‘It was you, Charley’

Enniscorthy Guardian - - NEWS - WITH JOHN J KELLY

SOME­TIMES the writ­ten word, is ac­tu­ally the spo­ken word, or at least we recog­nise it as the spo­ken word in-so-far as we at­tach imagery to it, or as­so­ciate it with a face, or a voice, or a par­tic­u­lar scene from a movie or play, per­haps.

And, any of the above which may di­rectly hold as­so­ci­a­tions with the words, enhance and de­liver, and make the great, greater still. There­fore, it is just ever so slightly pos­si­ble, that, although the com­bi­na­tion of vis­ual, sound and word is truly fan­tas­tic, that one on its very lone­some, also stands up there in great­ness. It re­mains the writ­ten word.

Shake­speare wrote many fine speeches, so­lil­o­quies and di­a­logues, fan­tas­ti­cally put to­gether com­bi­na­tions of mere words, but their de­liv­er­ies sail each ship into har­bour and knock us into ador­ing si­lence. Think of Mac­beth’s speech be­fore mur­der­ing his King, or any of the Romeo and Juliet bal­cony ex­changes? Vi­ola’s ‘my fa­ther had a daugh­ter loved a man’ from Twelfth Night or, of course, sev­eral from Ham­let .

But to­day I have dipped into the golden age of movies and pulled out a plum! Mind you, all ages of cin­ema are golden, and all pro­duce pure di­a­monds, surely? Old movie clas­sics or mod­ern day mas­ter­pieces. Cer­tainly the last 40 years have thrown up a few mag­i­cal ora­tions, de­pend­ing on your taste, and surely at least one of the fol­low­ing strikes a chord with each and every one of us?

Tom Cruise as wacky Frank TJ Mackey in Mag­no­lia, Al Pa­cino as Tony d’Amato in Any Given Sun­day or of course him­self in Brave­heart? Or Steve Buscemi’s rant as Mr Pink in Re­sevoir Dogs, or per­haps old con Mor­gan Free­man in Shaw­shank, ‘....you gotta get busy livin’ or get busy dyin...’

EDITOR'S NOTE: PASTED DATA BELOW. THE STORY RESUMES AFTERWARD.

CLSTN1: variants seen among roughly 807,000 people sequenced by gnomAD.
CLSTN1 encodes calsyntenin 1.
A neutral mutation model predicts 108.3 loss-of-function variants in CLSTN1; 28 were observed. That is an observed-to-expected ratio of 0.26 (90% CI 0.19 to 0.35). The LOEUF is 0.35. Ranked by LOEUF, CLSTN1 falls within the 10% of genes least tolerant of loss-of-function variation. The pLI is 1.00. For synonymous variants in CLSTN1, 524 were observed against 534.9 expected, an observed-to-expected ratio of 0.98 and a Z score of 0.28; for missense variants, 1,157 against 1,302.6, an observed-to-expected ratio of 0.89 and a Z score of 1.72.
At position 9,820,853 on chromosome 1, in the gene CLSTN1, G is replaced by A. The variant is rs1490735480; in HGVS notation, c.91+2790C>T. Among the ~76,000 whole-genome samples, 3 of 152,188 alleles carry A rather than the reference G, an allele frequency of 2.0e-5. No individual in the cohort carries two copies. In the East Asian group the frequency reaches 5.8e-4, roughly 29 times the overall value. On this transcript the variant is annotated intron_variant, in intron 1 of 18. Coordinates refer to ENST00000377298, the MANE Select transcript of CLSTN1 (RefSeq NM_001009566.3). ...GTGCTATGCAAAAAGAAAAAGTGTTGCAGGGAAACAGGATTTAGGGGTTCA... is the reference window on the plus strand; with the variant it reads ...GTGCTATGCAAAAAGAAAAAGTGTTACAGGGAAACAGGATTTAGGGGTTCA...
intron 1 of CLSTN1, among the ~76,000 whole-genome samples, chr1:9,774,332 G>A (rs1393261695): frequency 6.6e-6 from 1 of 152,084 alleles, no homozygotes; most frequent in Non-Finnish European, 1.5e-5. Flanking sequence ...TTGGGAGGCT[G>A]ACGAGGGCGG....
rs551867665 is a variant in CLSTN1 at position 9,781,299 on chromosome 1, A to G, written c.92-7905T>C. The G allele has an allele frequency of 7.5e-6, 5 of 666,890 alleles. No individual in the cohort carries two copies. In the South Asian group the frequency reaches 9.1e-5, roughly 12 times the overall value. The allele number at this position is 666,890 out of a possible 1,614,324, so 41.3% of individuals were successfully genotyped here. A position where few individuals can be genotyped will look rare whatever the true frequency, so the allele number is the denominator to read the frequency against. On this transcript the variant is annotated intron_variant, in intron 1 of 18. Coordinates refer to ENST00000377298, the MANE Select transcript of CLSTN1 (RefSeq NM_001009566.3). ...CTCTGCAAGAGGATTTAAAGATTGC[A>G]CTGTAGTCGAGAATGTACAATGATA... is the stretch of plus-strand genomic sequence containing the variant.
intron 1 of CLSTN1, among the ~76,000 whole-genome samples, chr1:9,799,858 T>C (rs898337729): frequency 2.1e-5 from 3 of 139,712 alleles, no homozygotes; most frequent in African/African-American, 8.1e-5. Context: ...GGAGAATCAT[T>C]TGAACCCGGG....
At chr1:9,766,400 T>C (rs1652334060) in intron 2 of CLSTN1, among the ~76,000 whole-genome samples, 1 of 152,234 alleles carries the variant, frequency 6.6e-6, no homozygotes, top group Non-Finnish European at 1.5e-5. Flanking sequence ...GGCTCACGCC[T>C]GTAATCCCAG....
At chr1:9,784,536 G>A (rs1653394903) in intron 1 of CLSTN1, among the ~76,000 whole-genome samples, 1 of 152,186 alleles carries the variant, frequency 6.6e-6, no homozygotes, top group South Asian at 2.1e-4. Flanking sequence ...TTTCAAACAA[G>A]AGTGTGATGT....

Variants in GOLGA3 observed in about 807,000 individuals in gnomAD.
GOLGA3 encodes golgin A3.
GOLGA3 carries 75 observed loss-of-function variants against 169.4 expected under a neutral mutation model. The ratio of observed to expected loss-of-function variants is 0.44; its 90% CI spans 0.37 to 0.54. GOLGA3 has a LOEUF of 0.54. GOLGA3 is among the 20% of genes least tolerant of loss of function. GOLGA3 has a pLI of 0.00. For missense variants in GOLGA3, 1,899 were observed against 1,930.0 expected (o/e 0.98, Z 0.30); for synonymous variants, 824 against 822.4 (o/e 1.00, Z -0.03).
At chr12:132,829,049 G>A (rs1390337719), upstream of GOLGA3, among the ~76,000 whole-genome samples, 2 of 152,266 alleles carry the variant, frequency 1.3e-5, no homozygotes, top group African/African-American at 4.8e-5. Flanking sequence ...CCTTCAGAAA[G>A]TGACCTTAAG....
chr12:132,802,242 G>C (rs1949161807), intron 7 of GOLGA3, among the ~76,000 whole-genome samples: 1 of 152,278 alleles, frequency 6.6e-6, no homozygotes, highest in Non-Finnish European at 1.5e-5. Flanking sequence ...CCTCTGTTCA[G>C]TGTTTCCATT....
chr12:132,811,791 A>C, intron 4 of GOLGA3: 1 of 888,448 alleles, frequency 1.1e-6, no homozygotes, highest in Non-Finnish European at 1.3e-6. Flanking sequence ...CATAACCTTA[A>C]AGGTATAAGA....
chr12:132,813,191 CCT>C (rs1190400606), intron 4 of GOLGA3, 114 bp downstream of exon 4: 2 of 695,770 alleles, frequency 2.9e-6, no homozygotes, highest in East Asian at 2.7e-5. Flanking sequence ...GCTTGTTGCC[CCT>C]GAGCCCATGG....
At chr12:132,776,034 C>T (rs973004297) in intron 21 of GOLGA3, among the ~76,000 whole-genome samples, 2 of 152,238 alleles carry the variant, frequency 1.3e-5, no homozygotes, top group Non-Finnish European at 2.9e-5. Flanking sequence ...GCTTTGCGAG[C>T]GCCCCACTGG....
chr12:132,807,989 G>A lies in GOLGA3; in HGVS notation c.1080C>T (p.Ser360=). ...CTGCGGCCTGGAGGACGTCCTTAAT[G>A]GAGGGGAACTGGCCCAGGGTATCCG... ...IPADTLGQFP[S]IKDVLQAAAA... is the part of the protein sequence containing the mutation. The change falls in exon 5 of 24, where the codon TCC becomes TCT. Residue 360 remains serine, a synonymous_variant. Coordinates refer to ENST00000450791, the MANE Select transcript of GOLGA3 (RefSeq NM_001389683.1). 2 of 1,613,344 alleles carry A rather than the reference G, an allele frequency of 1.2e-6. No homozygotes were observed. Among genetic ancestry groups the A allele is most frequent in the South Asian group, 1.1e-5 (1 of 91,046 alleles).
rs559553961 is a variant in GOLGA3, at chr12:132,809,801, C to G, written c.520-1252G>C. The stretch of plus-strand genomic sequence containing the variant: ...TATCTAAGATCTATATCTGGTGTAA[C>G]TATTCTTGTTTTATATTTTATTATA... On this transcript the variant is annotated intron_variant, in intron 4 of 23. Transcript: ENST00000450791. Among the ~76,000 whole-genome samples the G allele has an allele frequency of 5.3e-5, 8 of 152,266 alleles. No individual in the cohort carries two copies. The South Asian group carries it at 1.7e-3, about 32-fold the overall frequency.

Any­way, back to our movie. ‘On The Wa­ter­front’ from 1954, di­rected by Elia Kazan and star­ring Mar­lon Brando, Karl Malden, Rod Steiger and Eva Marie Saint, still holds it’s place in the Amer­i­can Film In­sti­tute’s list of Top 20 movies of all time. It was nom­i­nated for a stag­ger­ing 12 Os­cars and came home with eight stat­uettes. Set in a New York/New Jer­sey dock­land world of corruption, ex­tor­tion, and rack­e­teer­ing, it is a no punches spared, raw, tough movie, rich in won­der­ful ver­bal ex­changes deal­ing with un­ful­filled dreams and op­portu- ni­ties, re­grets and lost chances. The very laments of the ex­ploited and cheated.

Karl Malden as the lo­cal priest, gives a spell­bind­ing speech in tack­ling those that refuse to stand up to mob-led thug­gery. And Eva Marie Saint spills her heart out as the girl who may have al­lowed her one shot at love to pass by, but the ab­so­lute mas­ter­class of cin­ema and more so ‘words’ comes in what has be­come known as the ‘taxi scene’, (pic­tured be­low). Brando is the down­trod­den ex-boxer, Terry, tack­ling, fi­nally, his hood brother, Charley, played by Rod Steiger, who al­ways ex­ploited him. It sim­ply does not get bet­ter than this. Read­ers, you have your Net­flix home­work for this week! Go watch it and lis­ten to it.

Charley: Look, kid, I – how much you weigh? When you weighed one 168 pounds you were beau­ti­ful. You coulda been an­other Billy Conn, and that skunk we got you for a man­ager, he brought you along too fast.

Terry: It wasn’t him, Charley, it was you. Re­mem­ber that night in the Gar­den you came down to my dress­ing room and you said, ‘Kid, this ain’t your night. We’re go­ing for the price on Wil­son.’ You re­mem­ber that? ‘This ain’t your night!’ My night! I coulda taken Wil­son apart! So what hap­pens? He gets the ti­tle shot out­doors on the ball­park and what do I get? A one-way ticket to Palooka-ville! You was my brother, Charley, you shoulda looked out for me a lit­tle bit. You shoulda taken care of me just a lit­tle bit so I wouldn’t have to take them dives for the short-end money.

Charley: Oh I had some bets down for you. You saw some money?

Terry: You don’t un­der­stand. I coulda had class. I coulda been a con­tender. I coulda been some­body, in­stead of a bum, which is what I am, let’s face it. It was you, Charley.

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